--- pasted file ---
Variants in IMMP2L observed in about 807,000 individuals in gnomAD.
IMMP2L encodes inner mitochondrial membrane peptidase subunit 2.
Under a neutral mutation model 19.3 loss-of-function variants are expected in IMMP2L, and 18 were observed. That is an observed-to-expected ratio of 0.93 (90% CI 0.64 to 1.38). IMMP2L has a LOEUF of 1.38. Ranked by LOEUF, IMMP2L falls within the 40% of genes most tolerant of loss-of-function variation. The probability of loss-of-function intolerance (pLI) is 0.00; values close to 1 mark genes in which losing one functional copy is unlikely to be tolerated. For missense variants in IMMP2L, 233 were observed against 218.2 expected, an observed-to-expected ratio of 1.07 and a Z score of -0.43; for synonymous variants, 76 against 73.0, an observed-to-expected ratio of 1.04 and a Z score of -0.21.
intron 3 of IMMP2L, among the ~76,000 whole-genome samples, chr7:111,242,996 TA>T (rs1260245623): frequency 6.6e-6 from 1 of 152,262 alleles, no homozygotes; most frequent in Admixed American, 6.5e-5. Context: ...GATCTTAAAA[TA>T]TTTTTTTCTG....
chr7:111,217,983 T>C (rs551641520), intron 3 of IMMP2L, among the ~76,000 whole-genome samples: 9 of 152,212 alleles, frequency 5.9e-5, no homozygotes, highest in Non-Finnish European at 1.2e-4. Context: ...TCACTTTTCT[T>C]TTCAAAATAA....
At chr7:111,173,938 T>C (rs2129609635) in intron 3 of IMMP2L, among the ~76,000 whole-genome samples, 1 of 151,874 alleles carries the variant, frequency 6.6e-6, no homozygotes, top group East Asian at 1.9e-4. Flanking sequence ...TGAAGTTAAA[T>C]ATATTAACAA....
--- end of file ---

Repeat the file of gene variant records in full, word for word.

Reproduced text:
Variants in IMMP2L observed in about 807,000 individuals in gnomAD.
IMMP2L encodes inner mitochondrial membrane peptidase subunit 2.
Under a neutral mutation model 19.3 loss-of-function variants are expected in IMMP2L, and 18 were observed. That is an observed-to-expected ratio of 0.93 (90% CI 0.64 to 1.38). IMMP2L has a LOEUF of 1.38. Ranked by LOEUF, IMMP2L falls within the 40% of genes most tolerant of loss-of-function variation. The probability of loss-of-function intolerance (pLI) is 0.00; values close to 1 mark genes in which losing one functional copy is unlikely to be tolerated. For missense variants in IMMP2L, 233 were observed against 218.2 expected, an observed-to-expected ratio of 1.07 and a Z score of -0.43; for synonymous variants, 76 against 73.0, an observed-to-expected ratio of 1.04 and a Z score of -0.21.
intron 3 of IMMP2L, among the ~76,000 whole-genome samples, chr7:111,242,996 TA>T (rs1260245623): frequency 6.6e-6 from 1 of 152,262 alleles, no homozygotes; most frequent in Admixed American, 6.5e-5. Context: ...GATCTTAAAA[TA>T]TTTTTTTCTG....
chr7:111,217,983 T>C (rs551641520), intron 3 of IMMP2L, among the ~76,000 whole-genome samples: 9 of 152,212 alleles, frequency 5.9e-5, no homozygotes, highest in Non-Finnish European at 1.2e-4. Context: ...TCACTTTTCT[T>C]TTCAAAATAA....
At chr7:111,173,938 T>C (rs2129609635) in intron 3 of IMMP2L, among the ~76,000 whole-genome samples, 1 of 151,874 alleles carries the variant, frequency 6.6e-6, no homozygotes, top group East Asian at 1.9e-4. Flanking sequence ...TGAAGTTAAA[T>C]ATATTAACAA....